I read on Berkeley will begin removing more than 20,000 video and audio lectures from public view as a result of a Justice Department accessibility order (mirror) (published on 2017-03-06)

The Justice Department, following an investigation, in August determined that the university was violating the Americans With Disabilities Act of 1990. The department reached that conclusion after receiving complaints from two employees of Gallaudet University, saying Berkeley’s free online educational content was inaccessible to blind and deaf people because of a lack of captions, screen reader compatibility and other issues.

If a University uploads a video of a course to YouTube, aren't YouTube captions good enough not to violate the Americans With Disabilities Act of 1990?

Related: How much does it cost to make a MOOC universally accessible, as defined by the Americans With Disabilities Act of 1990?

  • Comments are not for extended discussion; this conversation has been moved to chat.
    – eykanal
    Commented Mar 19, 2017 at 14:42

1 Answer 1


No, auto generated captions are gibberish. Try watching a complicated lecture on a scientific topic but turn down the volume and only look at the automatically generated captions. Not only is there a high error rate but there is no punctuation.

Note: the DOJ findings letter is online (mirror) and you can see the legal rationale behind the findings of law.

It should be noted that other universities followed the law when they implemented their MOOC programs and captioned their videos from their videos from the start. UC Berkeley was warned by its own academic accommodations committee in 2012 that the way they were implementing their MOOC was not only a violation of their own policies but would probably result in a violation of the ADA, especially given their status as a public university.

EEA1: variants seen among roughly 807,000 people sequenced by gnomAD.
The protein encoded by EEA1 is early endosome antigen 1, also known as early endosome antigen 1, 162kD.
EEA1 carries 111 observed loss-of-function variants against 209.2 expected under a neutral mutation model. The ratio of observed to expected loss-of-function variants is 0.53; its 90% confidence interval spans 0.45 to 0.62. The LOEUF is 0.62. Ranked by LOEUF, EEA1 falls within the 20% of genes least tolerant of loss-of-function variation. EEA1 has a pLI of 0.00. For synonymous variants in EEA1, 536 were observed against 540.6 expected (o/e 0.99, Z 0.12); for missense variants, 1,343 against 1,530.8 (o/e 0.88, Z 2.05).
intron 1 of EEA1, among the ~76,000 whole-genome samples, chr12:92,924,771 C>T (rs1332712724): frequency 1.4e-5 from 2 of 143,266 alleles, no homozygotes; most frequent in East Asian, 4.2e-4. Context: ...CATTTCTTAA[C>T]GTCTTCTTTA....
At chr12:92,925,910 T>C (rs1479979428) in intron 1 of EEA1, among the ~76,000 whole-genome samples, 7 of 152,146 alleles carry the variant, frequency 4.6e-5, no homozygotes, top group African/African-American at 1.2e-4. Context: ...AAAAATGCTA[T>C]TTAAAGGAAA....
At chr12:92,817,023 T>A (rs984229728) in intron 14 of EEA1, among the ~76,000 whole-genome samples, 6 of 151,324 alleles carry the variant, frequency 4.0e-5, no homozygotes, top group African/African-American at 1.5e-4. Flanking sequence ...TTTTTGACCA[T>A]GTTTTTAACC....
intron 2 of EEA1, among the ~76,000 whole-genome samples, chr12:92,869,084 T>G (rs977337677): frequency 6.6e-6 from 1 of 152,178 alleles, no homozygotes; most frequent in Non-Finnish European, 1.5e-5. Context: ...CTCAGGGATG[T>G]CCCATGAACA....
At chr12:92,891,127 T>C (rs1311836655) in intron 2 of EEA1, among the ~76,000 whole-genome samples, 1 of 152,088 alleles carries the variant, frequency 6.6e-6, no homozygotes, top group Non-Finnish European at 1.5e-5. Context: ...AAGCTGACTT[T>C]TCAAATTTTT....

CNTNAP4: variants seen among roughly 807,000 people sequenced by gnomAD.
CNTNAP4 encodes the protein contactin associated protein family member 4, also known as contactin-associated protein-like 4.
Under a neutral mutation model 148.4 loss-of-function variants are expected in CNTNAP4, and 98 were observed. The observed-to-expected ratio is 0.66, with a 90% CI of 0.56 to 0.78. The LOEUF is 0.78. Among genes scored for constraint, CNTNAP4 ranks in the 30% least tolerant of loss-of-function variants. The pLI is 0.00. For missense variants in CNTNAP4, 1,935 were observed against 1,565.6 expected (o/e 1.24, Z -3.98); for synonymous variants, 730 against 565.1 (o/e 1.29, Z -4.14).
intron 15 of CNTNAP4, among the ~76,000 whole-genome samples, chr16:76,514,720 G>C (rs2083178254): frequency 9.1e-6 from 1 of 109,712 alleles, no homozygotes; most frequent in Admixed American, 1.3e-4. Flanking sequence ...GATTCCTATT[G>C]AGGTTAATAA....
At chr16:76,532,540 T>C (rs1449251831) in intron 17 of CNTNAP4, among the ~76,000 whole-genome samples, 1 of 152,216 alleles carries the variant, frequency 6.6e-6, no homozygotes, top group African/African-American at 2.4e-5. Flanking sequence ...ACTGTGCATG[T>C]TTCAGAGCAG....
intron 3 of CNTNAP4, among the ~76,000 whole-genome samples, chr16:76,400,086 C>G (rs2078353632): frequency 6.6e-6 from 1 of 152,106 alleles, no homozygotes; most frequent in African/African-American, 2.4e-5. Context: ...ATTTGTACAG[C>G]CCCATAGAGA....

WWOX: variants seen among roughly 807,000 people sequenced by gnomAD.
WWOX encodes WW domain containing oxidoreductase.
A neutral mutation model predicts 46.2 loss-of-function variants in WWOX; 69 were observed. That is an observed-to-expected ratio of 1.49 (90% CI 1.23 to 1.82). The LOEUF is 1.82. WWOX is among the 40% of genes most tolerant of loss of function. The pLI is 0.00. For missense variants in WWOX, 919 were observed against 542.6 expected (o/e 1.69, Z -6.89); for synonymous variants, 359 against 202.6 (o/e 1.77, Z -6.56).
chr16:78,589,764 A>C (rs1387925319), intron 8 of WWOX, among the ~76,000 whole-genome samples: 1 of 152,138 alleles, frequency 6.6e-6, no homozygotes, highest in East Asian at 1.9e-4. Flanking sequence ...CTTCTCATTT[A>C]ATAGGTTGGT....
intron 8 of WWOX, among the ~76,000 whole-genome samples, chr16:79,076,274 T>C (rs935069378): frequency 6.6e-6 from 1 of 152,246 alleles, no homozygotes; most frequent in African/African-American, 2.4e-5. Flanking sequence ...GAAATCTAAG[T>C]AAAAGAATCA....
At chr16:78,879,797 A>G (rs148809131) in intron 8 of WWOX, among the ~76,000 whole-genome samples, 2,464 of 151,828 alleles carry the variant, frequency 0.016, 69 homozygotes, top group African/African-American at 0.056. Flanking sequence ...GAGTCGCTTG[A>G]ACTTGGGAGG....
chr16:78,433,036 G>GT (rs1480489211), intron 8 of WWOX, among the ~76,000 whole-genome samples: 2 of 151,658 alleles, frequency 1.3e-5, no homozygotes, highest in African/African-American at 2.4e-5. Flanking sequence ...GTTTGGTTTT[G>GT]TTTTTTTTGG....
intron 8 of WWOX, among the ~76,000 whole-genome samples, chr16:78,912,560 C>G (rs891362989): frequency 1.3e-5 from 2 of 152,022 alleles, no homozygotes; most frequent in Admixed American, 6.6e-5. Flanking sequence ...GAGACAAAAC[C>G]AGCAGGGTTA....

Furthermore, contrary to media reports Berkeley was not "forced" to take down the videos. The complainants from the very beginning (circa 2014) wanted to engage in an interactive process that would ensure access, even if over time. Berkeley declined to engage which resulted in the complaint being escalated to the DOJ. However, even the DOJ letter did not request a takedown. This was entirely the decision of UC Berkeley's senior administration

  • 5
    Worse still if someone bss a string foreign accent — or even native (the Micalense accent in Portuguese is regularly so identified as French). Worse still if the languages change, as it's not smart enough to detect a Spanish word or phrase embedded in an English phrase. Commented Mar 18, 2017 at 10:01

You must log in to answer this question.

Not the answer you're looking for? Browse other questions tagged .